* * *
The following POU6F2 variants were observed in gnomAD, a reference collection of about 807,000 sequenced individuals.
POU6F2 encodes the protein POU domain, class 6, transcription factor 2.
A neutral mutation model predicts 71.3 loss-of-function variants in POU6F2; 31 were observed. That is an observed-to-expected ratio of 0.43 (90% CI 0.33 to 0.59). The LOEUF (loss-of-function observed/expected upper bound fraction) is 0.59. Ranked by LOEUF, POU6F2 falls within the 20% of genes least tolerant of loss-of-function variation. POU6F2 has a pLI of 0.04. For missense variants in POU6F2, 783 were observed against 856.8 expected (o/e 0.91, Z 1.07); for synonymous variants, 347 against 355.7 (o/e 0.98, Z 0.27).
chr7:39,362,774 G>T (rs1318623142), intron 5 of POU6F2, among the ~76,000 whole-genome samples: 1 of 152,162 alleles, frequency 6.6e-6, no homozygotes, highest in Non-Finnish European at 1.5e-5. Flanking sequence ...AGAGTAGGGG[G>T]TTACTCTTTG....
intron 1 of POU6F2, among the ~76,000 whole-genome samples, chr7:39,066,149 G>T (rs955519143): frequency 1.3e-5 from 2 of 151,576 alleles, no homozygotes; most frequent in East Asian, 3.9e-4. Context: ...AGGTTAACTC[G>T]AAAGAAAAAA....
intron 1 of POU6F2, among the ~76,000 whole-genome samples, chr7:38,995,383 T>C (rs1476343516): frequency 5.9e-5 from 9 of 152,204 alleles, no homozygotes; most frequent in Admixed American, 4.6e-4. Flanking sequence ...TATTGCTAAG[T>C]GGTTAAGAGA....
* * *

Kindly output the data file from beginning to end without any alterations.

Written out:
The following POU6F2 variants were observed in gnomAD, a reference collection of about 807,000 sequenced individuals.
POU6F2 encodes the protein POU domain, class 6, transcription factor 2.
A neutral mutation model predicts 71.3 loss-of-function variants in POU6F2; 31 were observed. That is an observed-to-expected ratio of 0.43 (90% CI 0.33 to 0.59). The LOEUF (loss-of-function observed/expected upper bound fraction) is 0.59. Ranked by LOEUF, POU6F2 falls within the 20% of genes least tolerant of loss-of-function variation. POU6F2 has a pLI of 0.04. For missense variants in POU6F2, 783 were observed against 856.8 expected (o/e 0.91, Z 1.07); for synonymous variants, 347 against 355.7 (o/e 0.98, Z 0.27).
chr7:39,362,774 G>T (rs1318623142), intron 5 of POU6F2, among the ~76,000 whole-genome samples: 1 of 152,162 alleles, frequency 6.6e-6, no homozygotes, highest in Non-Finnish European at 1.5e-5. Flanking sequence ...AGAGTAGGGG[G>T]TTACTCTTTG....
intron 1 of POU6F2, among the ~76,000 whole-genome samples, chr7:39,066,149 G>T (rs955519143): frequency 1.3e-5 from 2 of 151,576 alleles, no homozygotes; most frequent in East Asian, 3.9e-4. Context: ...AGGTTAACTC[G>T]AAAGAAAAAA....
intron 1 of POU6F2, among the ~76,000 whole-genome samples, chr7:38,995,383 T>C (rs1476343516): frequency 5.9e-5 from 9 of 152,204 alleles, no homozygotes; most frequent in Admixed American, 4.6e-4. Flanking sequence ...TATTGCTAAG[T>C]GGTTAAGAGA....